Stepping Through Dante's Inferno: Cantos 1-10
  INFERNO: Questions/Analysis: Cantos 32-34
  INFERNO: Questions/Analysis: Cantos 18-31
  INFERNO: Questions for Analysis: Cantos 12-17
  INFERNO: Structure
  INFERNO: Questions for Analysis: Cantos 1-5
  INFERNO: Analyzing Canto 1
  Relating to Dante's Inferno
  Approaching Dante's DIVINE COMEDY
  A Little Help with Dante's INFERNO
  Assignment Sheet for Paper #1
  Notes on LEAF BY NIGGLE
  Responses to LEAF BY NIGGLE
  ON FAIRY STORIES: An Essay by Tolkien
  Notes on Axolotl
  Reading Ovid's Tales
  From Myth to Literature: Approaching Ovid's Tales
  Notes on THE EYE OF THE GIANT
  Functions of the Genesis Tales
  Analyzing Mythic Tales
  Defining Mythology
  Filtering the Introduction to FANTASTIC WORLDS
  Commentary on LA BELLE DAME SANS MERCI by Keats
  Commentary on DARKNESS by Byron
  Handout: Imagination Poems Set
  What is Imagination?
  Our Course Theme: Imaginary Worlds
  LIT 165 Assignments: Fall 2005
  LIT 165 Announcements: Fall 2005
  Imaginary Worlds: Course Syllabus

Notebook for Effective Writing I (Fall 2005)
  Paper #4: Independent Thinking/Reading/Writing
  Casebook Preparation Checklist
  Casebook Assignment Schedule
  Evaluating Sources for the Casebook
  Casebook Project Assignment Sheet
  Notes on Rational Argument
  Argument
  Assignment Sheet: Objective Writing
  Reviewing Elements of the Profile Essay
  Writing the Profile Essay
  Readings: Objective Writing
  Assignment Sheet: Expressive Writing
  Rubric for Evaluation of Writing
  About SKIN DEEP
  Emerson on Individuality vs. Conformity
  Mind-map: Identity
  Understanding the 'Rhetorical Situation'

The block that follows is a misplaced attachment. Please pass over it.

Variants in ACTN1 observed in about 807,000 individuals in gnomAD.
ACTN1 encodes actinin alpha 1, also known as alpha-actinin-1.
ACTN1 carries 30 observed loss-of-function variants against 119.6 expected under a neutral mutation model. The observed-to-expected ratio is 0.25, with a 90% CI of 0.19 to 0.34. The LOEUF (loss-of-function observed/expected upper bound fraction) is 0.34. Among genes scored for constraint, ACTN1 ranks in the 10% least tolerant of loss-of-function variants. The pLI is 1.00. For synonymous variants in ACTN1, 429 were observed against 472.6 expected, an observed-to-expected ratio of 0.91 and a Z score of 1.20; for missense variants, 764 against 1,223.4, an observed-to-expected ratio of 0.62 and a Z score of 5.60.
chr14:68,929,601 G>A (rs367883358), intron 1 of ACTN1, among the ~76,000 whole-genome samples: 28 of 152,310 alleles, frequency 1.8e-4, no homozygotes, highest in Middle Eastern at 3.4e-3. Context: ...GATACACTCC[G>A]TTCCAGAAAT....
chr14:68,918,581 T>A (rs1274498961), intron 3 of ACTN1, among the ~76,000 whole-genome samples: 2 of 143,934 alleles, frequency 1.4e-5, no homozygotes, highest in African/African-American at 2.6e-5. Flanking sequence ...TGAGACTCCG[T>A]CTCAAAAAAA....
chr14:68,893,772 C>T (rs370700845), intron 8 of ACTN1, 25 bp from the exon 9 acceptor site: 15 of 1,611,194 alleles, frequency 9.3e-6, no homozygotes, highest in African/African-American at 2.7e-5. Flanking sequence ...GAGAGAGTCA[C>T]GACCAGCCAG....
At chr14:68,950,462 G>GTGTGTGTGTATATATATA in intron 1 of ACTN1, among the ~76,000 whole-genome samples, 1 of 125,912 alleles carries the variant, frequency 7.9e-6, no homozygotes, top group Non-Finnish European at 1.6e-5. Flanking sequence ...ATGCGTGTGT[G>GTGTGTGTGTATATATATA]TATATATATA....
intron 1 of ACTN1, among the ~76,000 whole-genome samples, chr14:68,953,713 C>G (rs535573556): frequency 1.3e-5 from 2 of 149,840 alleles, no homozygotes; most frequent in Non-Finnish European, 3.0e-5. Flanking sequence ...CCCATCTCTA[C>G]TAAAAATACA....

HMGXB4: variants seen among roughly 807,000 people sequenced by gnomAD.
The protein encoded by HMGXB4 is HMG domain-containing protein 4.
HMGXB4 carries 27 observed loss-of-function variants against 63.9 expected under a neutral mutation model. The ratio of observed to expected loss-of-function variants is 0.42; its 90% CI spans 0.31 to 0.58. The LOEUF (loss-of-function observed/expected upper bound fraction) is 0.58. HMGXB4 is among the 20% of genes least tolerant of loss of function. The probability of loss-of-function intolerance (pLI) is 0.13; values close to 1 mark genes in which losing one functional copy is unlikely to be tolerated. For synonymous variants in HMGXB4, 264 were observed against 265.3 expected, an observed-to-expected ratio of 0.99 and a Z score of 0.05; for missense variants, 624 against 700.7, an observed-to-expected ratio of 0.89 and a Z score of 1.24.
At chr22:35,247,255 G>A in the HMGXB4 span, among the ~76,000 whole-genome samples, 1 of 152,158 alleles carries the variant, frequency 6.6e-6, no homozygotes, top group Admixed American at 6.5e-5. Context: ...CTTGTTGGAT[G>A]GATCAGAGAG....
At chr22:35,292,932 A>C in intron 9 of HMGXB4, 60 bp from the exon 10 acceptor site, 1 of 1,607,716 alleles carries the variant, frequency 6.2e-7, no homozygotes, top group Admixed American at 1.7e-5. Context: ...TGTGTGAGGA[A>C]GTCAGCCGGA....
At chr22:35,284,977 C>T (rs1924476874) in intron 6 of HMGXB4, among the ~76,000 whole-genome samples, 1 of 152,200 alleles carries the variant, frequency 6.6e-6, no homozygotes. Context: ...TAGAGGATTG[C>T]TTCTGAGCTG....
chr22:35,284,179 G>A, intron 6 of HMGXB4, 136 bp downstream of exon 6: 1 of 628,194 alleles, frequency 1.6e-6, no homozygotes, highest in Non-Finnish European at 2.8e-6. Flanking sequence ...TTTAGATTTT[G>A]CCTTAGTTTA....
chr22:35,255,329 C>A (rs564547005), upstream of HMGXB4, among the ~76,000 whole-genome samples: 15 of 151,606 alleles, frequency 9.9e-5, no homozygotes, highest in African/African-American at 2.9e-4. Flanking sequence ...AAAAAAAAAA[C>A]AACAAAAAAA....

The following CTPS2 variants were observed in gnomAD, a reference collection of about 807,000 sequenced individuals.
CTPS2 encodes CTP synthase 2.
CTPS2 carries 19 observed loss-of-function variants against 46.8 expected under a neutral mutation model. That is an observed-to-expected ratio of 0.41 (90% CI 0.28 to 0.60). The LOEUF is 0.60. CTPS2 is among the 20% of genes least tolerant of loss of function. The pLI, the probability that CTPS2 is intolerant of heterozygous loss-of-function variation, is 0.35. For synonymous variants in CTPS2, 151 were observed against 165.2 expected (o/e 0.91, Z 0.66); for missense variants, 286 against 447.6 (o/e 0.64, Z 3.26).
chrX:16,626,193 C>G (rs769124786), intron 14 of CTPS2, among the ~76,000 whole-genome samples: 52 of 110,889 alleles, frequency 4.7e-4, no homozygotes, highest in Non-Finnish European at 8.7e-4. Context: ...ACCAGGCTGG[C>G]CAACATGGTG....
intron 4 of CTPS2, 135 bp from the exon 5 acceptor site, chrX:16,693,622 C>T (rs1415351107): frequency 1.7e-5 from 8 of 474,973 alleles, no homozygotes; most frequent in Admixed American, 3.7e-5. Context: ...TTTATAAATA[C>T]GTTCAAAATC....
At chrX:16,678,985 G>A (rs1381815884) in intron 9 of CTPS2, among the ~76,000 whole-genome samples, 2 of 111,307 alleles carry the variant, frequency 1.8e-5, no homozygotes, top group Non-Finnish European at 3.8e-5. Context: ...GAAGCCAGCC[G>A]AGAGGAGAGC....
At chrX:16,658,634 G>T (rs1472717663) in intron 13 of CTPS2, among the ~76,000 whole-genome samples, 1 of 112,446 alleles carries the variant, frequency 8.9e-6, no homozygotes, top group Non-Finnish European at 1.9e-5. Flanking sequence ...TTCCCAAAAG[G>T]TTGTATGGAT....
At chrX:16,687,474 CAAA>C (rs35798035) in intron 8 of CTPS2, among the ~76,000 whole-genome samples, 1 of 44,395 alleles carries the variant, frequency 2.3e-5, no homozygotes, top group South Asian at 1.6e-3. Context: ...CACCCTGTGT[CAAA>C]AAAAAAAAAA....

Assignments Page
  Announcements Page
  WRT 120 Course Syllabus for Fall 2005

ENG Q20: Basic Writing

Go Exploring
  Weblog for WRT 120
  Writing Assistance on the Web
  Blackboard at WCU
  WCU Homepage
  WCU's Francis Harvey Green Library

 

~~ Rubric for Evaluation of Writing ~~

PRINTER FRIENDLY

IN PROGRESS (65)
PASS (75 / 85)
HIGH PASS (95)

Focus

Score_____

Writing does not present an idea, state a thesis, or make a claim. There's no focal point to anchor the paragraphs.

The thesis sentence is not grammatical, not explicit, or far too broad.

There is no connection between the essay's development and its thesis.

Writing clearly presents an idea, states a thesis, or makes a claim. The thesis is general but explicit, anchoring the paragraphs efficiently.

The main idea may be stated imprecisely, or somewhat too broadly, or not explicitly enough, or it may be ill positioned. At times the essay seems unrelated to the thesis.

The thesis is clear, precise, and explicit. The idea presented in the thesis is provocative and original.

The connection between the paper's substantive development and the provocative idea stated in the thesis is always apparent.

Development


Score_____

Paragraphs do not provide enough detail or evidence to sufficiently support general assertions.

Writers seems unaware of the variety of strategies available to fully explain topic sentences and/or overall thesis.